With Nevada’s legal cannabis industry thriving, the College of Southern Nevada thought it was high time to offer some marijuana-related courses.
The school is offering three new courses to help cannabis entrepreneurs, dispensary employees and others who want to learn more about the pot industry. During the first full day of registration last week, nearly a dozen people signed up, officials said.
“As the marijuana industry grows in Nevada, the need for trained, highly skilled workers will increase,” said Margo Martin, the school’s vice president for academic affairs.
CSN does not have a cannabis-related degree path, but those who finish one of the new marijuana courses will earn a certificate of completion.
A course called Cannabis 101 will focus on the history, folklore and science behind marijuana, while Dispensary Customer Service will offer insight into different cannabis products and how to interact with consumers. A third course, Green Collar Jobs, will cover industry regulations and business operations.
The courses, none of which involve handling actual marijuana, are being offered through the school’s Division of Workforce and Economic Development, a self-supporting arm of the college.
“Our aim is to be responsive to industry and business demand with regard to helping to supply a trained workforce,” said Ricardo Villalobos, executive director of the division. “The marijuana industry has grown significantly in Nevada. With the industry taking in almost $70 million in tax revenue last year, this is something that makes sense.”
Cannabis industry consultant Jason Sturtsman will teach the Dispensary Customer Service course, which is a one-day class offered May 18 and July 20.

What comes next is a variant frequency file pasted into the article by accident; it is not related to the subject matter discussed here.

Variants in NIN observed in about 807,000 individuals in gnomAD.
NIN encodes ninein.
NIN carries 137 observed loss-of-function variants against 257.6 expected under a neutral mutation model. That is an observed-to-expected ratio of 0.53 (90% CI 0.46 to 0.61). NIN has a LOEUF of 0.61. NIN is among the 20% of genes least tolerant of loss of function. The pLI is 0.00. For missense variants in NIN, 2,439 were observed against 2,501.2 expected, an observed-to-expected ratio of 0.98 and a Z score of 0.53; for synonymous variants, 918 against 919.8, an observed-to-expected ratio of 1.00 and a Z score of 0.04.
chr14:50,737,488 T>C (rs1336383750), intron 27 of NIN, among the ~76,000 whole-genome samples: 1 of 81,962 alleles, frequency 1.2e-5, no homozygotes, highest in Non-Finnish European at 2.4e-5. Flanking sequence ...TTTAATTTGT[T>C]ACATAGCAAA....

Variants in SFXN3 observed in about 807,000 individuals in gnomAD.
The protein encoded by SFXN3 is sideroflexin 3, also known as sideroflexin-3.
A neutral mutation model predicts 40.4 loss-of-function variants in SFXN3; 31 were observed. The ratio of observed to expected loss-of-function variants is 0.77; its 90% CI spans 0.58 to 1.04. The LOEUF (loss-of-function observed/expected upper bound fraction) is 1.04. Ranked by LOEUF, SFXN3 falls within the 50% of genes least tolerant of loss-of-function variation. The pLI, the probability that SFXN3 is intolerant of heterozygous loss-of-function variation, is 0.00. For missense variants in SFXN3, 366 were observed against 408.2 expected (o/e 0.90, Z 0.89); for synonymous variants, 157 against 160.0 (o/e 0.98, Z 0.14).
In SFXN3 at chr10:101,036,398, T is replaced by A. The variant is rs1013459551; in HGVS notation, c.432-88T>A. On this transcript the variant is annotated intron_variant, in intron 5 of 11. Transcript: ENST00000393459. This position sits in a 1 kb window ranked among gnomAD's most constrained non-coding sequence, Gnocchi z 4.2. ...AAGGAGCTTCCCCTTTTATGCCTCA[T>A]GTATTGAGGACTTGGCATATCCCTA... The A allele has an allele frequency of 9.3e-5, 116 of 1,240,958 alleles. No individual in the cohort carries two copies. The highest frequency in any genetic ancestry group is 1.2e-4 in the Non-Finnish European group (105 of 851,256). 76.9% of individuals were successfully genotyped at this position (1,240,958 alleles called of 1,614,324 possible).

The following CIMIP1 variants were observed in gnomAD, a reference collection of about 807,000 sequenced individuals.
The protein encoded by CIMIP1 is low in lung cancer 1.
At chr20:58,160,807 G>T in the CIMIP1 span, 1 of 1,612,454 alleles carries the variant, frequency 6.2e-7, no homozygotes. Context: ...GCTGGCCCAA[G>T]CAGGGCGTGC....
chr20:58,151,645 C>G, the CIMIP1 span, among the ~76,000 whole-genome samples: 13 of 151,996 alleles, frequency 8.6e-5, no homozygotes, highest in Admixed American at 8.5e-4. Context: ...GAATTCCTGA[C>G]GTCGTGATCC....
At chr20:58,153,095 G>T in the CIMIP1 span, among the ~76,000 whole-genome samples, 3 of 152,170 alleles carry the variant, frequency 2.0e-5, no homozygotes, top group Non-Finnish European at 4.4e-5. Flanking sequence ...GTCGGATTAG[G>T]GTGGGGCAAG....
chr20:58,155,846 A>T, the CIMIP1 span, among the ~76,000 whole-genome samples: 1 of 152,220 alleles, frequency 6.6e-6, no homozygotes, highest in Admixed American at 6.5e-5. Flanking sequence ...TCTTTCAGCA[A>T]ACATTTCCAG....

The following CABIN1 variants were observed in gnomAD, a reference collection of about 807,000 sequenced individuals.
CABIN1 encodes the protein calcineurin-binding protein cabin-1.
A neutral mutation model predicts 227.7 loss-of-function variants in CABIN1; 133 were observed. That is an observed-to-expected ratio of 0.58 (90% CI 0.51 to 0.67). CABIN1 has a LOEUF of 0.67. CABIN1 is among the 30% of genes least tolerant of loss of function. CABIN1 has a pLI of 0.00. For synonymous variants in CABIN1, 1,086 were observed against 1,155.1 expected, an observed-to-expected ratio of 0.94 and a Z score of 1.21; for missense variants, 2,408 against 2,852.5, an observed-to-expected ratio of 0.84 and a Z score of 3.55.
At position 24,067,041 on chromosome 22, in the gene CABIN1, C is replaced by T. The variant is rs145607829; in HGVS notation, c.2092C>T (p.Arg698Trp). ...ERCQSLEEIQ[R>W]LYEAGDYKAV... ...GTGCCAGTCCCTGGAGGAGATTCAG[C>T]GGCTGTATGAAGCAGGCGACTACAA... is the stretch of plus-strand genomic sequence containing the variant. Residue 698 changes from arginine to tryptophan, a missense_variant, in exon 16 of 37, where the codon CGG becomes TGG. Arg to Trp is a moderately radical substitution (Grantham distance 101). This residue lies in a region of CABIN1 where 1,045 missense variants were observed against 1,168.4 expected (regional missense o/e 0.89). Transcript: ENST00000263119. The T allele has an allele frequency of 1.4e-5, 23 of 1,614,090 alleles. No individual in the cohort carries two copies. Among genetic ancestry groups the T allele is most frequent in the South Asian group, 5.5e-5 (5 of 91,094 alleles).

“CSN has incredible foresight in making these courses available,” said Sturtsman, a former assistant manager at a local dispensary.
“Being here in Las Vegas, we of course pride ourselves on providing some of the best customer service anywhere. With this class, we can help people develop a good knowledge base to deliver great customer service to cannabis consumers,” he said.
The five-session Green Collar Jobs course, which is the most expensive class with a fee of $230, will be taught by Riana Durrett, executive director of the Nevada Dispensary Association.
Durrett, who has a law degree from UNLV, said the course is tailored for people looking to get their first job in the marijuana industry.
“The class is geared toward helping (people) stand out in a crowd,” Durrett said. “Job opportunities will certainly be expanding going forward…Jobs range from entry-level retail sales positions to accounting, HR, tech, management and doctors and scientists, along with many other opportunities.”
Francis Jordan, a North Las Vegas-based chemist with cannabis testing lab MA Analytics, will teach the Cannabis 101 course.
For more information about the courses, visit the school’s website and search under its community and personal enrichment course offerings.